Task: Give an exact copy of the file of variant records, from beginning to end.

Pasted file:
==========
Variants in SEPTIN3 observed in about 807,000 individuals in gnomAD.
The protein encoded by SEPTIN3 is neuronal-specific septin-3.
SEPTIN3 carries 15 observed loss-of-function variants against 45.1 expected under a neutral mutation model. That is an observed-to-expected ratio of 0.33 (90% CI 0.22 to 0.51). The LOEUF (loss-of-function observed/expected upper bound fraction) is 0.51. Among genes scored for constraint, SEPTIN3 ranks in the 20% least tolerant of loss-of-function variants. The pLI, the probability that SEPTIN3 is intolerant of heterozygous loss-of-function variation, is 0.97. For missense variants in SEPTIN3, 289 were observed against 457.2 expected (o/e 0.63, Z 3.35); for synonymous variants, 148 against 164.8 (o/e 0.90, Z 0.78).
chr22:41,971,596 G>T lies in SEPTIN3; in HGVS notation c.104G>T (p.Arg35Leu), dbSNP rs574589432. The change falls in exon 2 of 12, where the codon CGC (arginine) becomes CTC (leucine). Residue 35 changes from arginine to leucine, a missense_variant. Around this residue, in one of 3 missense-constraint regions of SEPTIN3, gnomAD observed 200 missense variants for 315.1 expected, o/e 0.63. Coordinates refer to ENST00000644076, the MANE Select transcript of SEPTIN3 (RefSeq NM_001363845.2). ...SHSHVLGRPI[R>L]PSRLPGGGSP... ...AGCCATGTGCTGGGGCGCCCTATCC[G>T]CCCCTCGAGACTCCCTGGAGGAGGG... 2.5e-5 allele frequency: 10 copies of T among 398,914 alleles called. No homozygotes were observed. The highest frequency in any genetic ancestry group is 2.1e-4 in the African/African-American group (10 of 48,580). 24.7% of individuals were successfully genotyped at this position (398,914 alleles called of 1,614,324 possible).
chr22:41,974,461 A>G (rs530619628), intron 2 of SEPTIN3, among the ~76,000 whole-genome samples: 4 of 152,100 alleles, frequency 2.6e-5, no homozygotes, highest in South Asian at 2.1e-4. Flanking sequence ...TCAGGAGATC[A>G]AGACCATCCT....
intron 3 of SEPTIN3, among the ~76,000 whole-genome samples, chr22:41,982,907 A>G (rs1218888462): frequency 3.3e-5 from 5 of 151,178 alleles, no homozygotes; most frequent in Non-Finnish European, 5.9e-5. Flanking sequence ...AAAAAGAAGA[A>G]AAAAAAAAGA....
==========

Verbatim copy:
Variants in SEPTIN3 observed in about 807,000 individuals in gnomAD.
The protein encoded by SEPTIN3 is neuronal-specific septin-3.
SEPTIN3 carries 15 observed loss-of-function variants against 45.1 expected under a neutral mutation model. That is an observed-to-expected ratio of 0.33 (90% CI 0.22 to 0.51). The LOEUF (loss-of-function observed/expected upper bound fraction) is 0.51. Among genes scored for constraint, SEPTIN3 ranks in the 20% least tolerant of loss-of-function variants. The pLI, the probability that SEPTIN3 is intolerant of heterozygous loss-of-function variation, is 0.97. For missense variants in SEPTIN3, 289 were observed against 457.2 expected (o/e 0.63, Z 3.35); for synonymous variants, 148 against 164.8 (o/e 0.90, Z 0.78).
chr22:41,971,596 G>T lies in SEPTIN3; in HGVS notation c.104G>T (p.Arg35Leu), dbSNP rs574589432. The change falls in exon 2 of 12, where the codon CGC (arginine) becomes CTC (leucine). Residue 35 changes from arginine to leucine, a missense_variant. Around this residue, in one of 3 missense-constraint regions of SEPTIN3, gnomAD observed 200 missense variants for 315.1 expected, o/e 0.63. Coordinates refer to ENST00000644076, the MANE Select transcript of SEPTIN3 (RefSeq NM_001363845.2). ...SHSHVLGRPI[R>L]PSRLPGGGSP... ...AGCCATGTGCTGGGGCGCCCTATCC[G>T]CCCCTCGAGACTCCCTGGAGGAGGG... 2.5e-5 allele frequency: 10 copies of T among 398,914 alleles called. No homozygotes were observed. The highest frequency in any genetic ancestry group is 2.1e-4 in the African/African-American group (10 of 48,580). 24.7% of individuals were successfully genotyped at this position (398,914 alleles called of 1,614,324 possible).
chr22:41,974,461 A>G (rs530619628), intron 2 of SEPTIN3, among the ~76,000 whole-genome samples: 4 of 152,100 alleles, frequency 2.6e-5, no homozygotes, highest in South Asian at 2.1e-4. Flanking sequence ...TCAGGAGATC[A>G]AGACCATCCT....
intron 3 of SEPTIN3, among the ~76,000 whole-genome samples, chr22:41,982,907 A>G (rs1218888462): frequency 3.3e-5 from 5 of 151,178 alleles, no homozygotes; most frequent in Non-Finnish European, 5.9e-5. Flanking sequence ...AAAAAGAAGA[A>G]AAAAAAAAGA....